If it is true that our gender identities are not fixed, it seems equally true that our sexual desire is equally uncategorical to respond to shifting identities. In her essay "Glimpsing a 'Lesbian' Poetics in Twelfth Night," Jami Ake claims that Viola is merely play-acting as a man and not actually attempting to be a man and that Olivia is only in love with Viola under the pretense that Viola is actually Cesario allows for an early homoerotic discourse to emerge that would otherwise be unavailable; the freedom of this discourse emerges from ambiguity as opposed to absolute and fully determined homoeroticism. Viola, as Orsino's messenger, delivers love oral love letters to Olivia; however, Viola instinctively translates Orsino's letters into a language she finds more appealing for a female audience. Ake writes:
As Viola appropriates the pastoral as a space for female, rather than male, homoerotic desire, she imagines a realm for Olivia that promises real erotic reciprocity as its end, a union unrestricted by the social arrangements of rank and gender to which Olivia carefully conforms. Moreover, her performance employs a strategic grammatical indirection that allows her to situate her promised pastoral realm in an imaginary conditional space (set apart by 'if'), even as she renders it momentarily present to Olivia. Viola's poetic performance thus provides a fragile emblem for 'lesbian' desire in the play: privatized and textually untraceable (Ake, 376).
The freedom with which Viola and Olivia enter into an erotic discourse, then, is possible because of its imagined nature: to the reader, they are not real lesbians; to Viola, she is not really delivering love letters to Olivia, but translating them into a women's language. In both instances, the play is saved from social disapproval because the homoeroticism is mentioned only in jest before ultimately returning to the heterosexual paradigm. In fact, the play concludes on this note: resolution and stability are restored when Sebastion, Viola's twin brother, effectively replaces Viola as Olivia's object of affection, and Viola reveals her identity to Orsino.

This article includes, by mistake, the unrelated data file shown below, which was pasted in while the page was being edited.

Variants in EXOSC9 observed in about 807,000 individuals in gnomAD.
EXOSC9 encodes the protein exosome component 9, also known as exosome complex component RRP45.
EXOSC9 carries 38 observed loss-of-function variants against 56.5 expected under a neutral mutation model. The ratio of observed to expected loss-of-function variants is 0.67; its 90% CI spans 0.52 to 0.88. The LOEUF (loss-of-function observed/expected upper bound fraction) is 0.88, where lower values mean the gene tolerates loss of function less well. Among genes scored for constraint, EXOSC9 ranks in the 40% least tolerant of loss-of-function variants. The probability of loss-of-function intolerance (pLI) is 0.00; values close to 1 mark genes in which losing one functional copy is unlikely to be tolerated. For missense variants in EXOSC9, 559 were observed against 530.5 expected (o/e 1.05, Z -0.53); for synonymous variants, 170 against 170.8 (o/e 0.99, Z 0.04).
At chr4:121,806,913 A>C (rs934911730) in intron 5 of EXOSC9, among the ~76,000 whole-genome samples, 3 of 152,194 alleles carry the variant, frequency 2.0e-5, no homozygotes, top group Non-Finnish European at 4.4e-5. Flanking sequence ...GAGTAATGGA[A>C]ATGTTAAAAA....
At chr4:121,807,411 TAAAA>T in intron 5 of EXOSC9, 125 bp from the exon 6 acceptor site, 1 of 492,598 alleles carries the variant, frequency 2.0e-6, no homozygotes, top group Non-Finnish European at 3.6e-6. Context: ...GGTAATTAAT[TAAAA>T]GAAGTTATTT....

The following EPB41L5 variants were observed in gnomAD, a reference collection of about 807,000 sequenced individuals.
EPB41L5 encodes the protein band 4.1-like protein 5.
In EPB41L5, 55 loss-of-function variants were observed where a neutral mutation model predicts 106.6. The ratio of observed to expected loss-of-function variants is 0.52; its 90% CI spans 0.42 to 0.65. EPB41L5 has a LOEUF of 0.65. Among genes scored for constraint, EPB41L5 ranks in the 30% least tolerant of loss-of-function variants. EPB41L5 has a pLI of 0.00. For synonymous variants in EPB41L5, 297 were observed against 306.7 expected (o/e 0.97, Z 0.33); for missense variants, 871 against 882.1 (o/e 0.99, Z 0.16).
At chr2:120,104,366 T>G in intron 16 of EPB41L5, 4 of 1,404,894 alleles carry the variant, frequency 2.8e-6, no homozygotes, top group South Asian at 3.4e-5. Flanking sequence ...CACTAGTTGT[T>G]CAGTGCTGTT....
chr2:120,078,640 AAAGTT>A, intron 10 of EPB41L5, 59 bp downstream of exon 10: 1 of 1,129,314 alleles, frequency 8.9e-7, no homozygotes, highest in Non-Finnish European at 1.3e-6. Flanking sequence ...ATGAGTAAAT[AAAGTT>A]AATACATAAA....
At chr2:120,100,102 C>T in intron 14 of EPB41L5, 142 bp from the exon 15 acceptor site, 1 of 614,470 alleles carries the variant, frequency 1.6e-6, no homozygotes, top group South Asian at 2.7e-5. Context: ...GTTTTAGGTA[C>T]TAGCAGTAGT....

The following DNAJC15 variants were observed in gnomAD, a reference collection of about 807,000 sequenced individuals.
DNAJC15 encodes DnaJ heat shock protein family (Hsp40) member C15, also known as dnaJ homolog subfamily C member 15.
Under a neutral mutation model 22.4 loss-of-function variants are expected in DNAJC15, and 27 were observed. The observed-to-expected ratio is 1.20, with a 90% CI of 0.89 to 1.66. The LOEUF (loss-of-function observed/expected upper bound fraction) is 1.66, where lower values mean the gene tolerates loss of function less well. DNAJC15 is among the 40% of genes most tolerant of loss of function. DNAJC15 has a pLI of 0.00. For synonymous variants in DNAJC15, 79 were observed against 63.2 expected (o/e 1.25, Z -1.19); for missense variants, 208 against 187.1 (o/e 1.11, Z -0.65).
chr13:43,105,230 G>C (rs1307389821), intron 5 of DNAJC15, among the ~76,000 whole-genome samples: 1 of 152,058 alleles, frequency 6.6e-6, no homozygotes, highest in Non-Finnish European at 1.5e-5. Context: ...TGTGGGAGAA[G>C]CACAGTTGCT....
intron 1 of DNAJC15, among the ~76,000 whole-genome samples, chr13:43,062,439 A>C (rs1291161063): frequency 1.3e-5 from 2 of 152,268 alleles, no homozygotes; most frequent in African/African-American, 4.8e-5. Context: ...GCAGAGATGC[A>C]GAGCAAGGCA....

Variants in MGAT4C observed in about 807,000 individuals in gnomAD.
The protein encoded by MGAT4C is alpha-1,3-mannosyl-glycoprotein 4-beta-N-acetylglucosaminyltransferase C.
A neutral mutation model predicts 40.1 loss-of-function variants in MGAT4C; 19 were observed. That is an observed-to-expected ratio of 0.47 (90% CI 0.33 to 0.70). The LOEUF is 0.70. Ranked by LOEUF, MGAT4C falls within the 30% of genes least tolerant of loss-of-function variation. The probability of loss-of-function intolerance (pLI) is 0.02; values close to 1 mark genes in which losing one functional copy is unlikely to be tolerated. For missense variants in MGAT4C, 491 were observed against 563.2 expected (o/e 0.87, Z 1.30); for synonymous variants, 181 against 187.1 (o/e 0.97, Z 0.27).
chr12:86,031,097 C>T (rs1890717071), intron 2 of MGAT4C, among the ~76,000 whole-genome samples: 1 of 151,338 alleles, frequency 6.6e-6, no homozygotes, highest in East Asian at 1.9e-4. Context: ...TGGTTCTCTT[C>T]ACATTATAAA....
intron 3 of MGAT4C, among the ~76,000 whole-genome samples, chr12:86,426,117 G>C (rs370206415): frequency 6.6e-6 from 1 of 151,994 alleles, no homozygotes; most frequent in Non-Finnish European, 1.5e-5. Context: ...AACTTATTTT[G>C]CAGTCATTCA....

Shakespeare's explorations of cross-dressing and homoeroticism ultimately fall within storylines of heterosexual romance. However, his plays do examine various types of love, revealing that love is not, in fact absolute and that it comes in many forms. The aforementioned relationship between Viola and Orsino depicts the love of a friend and confidant. Lin-na continues this discussion of types of love by examining what she refers to as the three different marriages Rosalind encounters: the Rosalind-Celia marriage, the Rosalind-Orlando marriage, and the Ganymede-Orlando marriage. Lin-na claims that Rosalind's ambiguous gender identity allows her erotic mobility to create these marriages. Rosalind's choice of names for her masculine identity contributes to this effect, as "Ganymede" is a name with male homosexual connotations, linked to both Jove and to Zeus and thus the homosexually inspired name contributes to the overall sexual ambiguity with which she proceeds. Rosalind marries Orlando as both her personas: Rosalind and Ganymede. The marriage between Orlando and Ganymede, a symbol of homoeroticism, takes place in presence of Celia who acts as the priest. The marriage is initiated on the request of Rosalind, disguised as Ganymede, who requests Celia, (Act IV, Scene I)
"Why then, can one desire too much of a good thing?
Come, sister, you shall be the priest and marry us.
Give me your hand, Orlando. What do you say, sister? (4.1.113-116)
In fact, Rosalind is reluctant to marry Orlando the second time, when he requests to marry the "real Rosalind", as it would require her to depart from her Ganymede/Rosalind ambiguity. Although Rosalind's gender identity is ambiguous, embodying both the masculine and the feminine, Orlando's sexuality is purely heterosexual, which inspires his desire to marry Rosalind without her gender ambiguity and only as a woman.
Although both Twelfth Night and As You Like It play with gender ambiguity and the resulting homoeroticism the characters consciously or unconsciously engage in, only Rosalind truly engages with her masculine disguise at the level of her true gender identity. For Viola, her masculine disguise is merely that: a disguise that allows her to move safely and from which she readily departs when a convenient opportunity, the introduction of her twin brother, presents itself: "If nothing lets to make us happy both/But this my masculine usurped attire/Do not embrace me till each circumstance of place,time,fortune do cohere and jump.That I am Viola.(5.1.245-249) For Rosalind, however, the masculine disguise allows her to be herself in a way previously unavailable to her because of cultural restrictions on women. As a man, she is able to act how she would like to act as a woman but cannot. That Orlando wishes to marry Rosalind only as Rosalind and not the ambiguous construction of Rosalind/Ganymede means that in her marriage she will lack freedom that her masculine ambiguity allowed her as Ganymede. Where Viola always remains essentially woman throughout her cross-dressing, Rosalind's adoption of masculine traits becomes part of her identity that she is reluctant to give up. Shakespeare uses differences such as these to create complex characters for an audience craving both comedy and depth.